Canada posted a budget deficit of $744 million for the first half of the 2014/2015 fiscal year compared to $10.35 billion in H1 2013/2014, according to the Finance Department on Friday.
Earlier in November, the Canadian government had predicted a $2.9 deficit for the whole year (Apr 1, 2014, to Mar 31, 2015). Prime Minister Stephen Harper’s government promised that in the following year there would be a $1.9 billion surplus.
The Finance Department posted a $379 million budget surplus for the month of September, compared to a $3.77 billion deficit in the same month last year.
Revenues were $1.15 billion (5.4%) up, due to higher revenues from corporate and personal income taxes.
Expenditure declined by 12.8% or $2.88 billion, thanks to money the government set aside last year to help clear up the aftermath of a serious flood in Alberta.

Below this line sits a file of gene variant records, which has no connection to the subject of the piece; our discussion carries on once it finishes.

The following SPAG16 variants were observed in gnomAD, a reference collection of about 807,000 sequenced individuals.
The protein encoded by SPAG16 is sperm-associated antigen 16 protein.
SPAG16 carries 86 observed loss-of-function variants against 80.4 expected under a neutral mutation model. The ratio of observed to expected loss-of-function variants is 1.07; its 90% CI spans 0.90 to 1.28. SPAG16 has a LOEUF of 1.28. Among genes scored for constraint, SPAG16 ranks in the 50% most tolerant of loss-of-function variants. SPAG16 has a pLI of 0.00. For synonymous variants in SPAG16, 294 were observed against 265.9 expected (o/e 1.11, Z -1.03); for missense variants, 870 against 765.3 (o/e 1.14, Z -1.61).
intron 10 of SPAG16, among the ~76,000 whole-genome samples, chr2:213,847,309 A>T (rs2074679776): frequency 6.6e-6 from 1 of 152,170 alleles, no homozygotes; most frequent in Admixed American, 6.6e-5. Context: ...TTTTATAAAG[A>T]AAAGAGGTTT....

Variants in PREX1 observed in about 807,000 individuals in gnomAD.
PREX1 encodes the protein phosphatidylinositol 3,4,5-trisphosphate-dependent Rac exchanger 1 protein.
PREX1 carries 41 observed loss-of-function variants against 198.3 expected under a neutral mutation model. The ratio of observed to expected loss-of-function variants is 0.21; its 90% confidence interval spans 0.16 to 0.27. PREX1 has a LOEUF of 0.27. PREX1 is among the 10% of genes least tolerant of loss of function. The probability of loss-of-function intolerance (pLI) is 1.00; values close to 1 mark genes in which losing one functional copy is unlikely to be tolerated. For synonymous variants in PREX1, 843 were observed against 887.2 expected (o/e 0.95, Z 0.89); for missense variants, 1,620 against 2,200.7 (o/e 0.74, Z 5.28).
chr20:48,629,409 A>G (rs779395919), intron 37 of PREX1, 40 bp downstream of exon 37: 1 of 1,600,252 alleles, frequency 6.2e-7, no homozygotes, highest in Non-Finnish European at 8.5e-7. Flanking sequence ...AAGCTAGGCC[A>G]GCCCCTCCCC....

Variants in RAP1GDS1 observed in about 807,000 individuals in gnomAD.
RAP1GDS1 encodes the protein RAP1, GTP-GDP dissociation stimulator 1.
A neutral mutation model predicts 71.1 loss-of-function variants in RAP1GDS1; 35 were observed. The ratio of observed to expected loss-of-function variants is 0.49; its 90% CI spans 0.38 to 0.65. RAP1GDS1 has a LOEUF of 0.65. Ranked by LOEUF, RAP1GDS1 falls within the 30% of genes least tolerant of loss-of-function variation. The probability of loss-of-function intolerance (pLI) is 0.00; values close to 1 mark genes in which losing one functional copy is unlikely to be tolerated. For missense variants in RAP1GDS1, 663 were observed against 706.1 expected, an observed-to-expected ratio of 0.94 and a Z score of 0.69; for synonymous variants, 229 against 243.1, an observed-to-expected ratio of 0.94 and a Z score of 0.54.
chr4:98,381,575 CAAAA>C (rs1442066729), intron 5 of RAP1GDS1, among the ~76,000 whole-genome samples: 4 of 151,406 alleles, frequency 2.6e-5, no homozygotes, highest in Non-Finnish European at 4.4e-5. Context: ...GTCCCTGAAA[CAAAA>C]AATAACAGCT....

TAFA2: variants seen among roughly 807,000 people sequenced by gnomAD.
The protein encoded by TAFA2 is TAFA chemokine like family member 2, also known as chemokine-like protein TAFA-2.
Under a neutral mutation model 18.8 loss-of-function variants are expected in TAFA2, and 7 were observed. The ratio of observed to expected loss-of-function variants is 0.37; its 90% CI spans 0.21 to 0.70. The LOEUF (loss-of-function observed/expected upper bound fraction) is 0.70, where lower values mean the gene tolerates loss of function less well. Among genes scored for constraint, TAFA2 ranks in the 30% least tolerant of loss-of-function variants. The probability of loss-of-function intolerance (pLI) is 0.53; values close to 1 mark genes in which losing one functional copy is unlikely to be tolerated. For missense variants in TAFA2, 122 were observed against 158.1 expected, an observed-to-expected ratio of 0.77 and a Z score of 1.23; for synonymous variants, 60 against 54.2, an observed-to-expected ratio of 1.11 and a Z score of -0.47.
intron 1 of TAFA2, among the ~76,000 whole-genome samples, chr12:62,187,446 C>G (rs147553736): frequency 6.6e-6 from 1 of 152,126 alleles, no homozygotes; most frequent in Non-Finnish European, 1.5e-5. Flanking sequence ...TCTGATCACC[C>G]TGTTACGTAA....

Mr. Harper, who faces general elections next year, has pledged tens of billion until the end of this decade for a family-themed tax-relief program. He is also committed to spending $5.8 billion until 2018 on infrastructure.
The government predicts that revenue growth will decline by at least $3 billion in 2014 and $16 billion next year due to the drop in oil prices.
On Friday, Statistics Canada reported that GDP (gross domestic product) grew at an annual rate of 2.8% in the third quarter, much more than analysts had expected.
However, this rate of expansion is unlikely to continue given the fall in oil prices.
With oil prices falling by about 35% since their June peak, Canada’s provincial and federal governments will need to have another look at their future spending plans.